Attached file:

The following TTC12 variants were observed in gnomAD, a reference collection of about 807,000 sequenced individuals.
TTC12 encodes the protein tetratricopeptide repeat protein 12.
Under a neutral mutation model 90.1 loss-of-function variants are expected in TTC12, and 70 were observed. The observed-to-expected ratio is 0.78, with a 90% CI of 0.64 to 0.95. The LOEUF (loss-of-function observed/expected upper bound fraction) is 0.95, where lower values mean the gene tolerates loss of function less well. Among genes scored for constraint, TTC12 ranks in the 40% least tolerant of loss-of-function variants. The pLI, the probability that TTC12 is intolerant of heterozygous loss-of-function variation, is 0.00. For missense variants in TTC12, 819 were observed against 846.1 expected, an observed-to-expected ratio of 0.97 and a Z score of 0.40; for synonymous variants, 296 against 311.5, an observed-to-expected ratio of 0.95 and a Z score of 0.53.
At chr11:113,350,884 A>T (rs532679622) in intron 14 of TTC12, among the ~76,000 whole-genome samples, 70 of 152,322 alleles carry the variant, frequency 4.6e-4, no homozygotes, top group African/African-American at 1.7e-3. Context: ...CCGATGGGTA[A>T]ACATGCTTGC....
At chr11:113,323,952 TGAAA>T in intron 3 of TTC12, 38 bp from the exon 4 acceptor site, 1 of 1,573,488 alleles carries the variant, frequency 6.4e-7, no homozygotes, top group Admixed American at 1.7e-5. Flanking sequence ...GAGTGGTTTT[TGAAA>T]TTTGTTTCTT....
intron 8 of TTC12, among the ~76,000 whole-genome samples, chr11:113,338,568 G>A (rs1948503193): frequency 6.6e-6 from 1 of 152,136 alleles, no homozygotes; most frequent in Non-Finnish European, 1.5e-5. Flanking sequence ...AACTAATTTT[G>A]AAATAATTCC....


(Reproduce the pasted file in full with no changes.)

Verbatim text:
The following TTC12 variants were observed in gnomAD, a reference collection of about 807,000 sequenced individuals.
TTC12 encodes the protein tetratricopeptide repeat protein 12.
Under a neutral mutation model 90.1 loss-of-function variants are expected in TTC12, and 70 were observed. The observed-to-expected ratio is 0.78, with a 90% CI of 0.64 to 0.95. The LOEUF (loss-of-function observed/expected upper bound fraction) is 0.95, where lower values mean the gene tolerates loss of function less well. Among genes scored for constraint, TTC12 ranks in the 40% least tolerant of loss-of-function variants. The pLI, the probability that TTC12 is intolerant of heterozygous loss-of-function variation, is 0.00. For missense variants in TTC12, 819 were observed against 846.1 expected, an observed-to-expected ratio of 0.97 and a Z score of 0.40; for synonymous variants, 296 against 311.5, an observed-to-expected ratio of 0.95 and a Z score of 0.53.
At chr11:113,350,884 A>T (rs532679622) in intron 14 of TTC12, among the ~76,000 whole-genome samples, 70 of 152,322 alleles carry the variant, frequency 4.6e-4, no homozygotes, top group African/African-American at 1.7e-3. Context: ...CCGATGGGTA[A>T]ACATGCTTGC....
At chr11:113,323,952 TGAAA>T in intron 3 of TTC12, 38 bp from the exon 4 acceptor site, 1 of 1,573,488 alleles carries the variant, frequency 6.4e-7, no homozygotes, top group Admixed American at 1.7e-5. Flanking sequence ...GAGTGGTTTT[TGAAA>T]TTTGTTTCTT....
intron 8 of TTC12, among the ~76,000 whole-genome samples, chr11:113,338,568 G>A (rs1948503193): frequency 6.6e-6 from 1 of 152,136 alleles, no homozygotes; most frequent in Non-Finnish European, 1.5e-5. Flanking sequence ...AACTAATTTT[G>A]AAATAATTCC....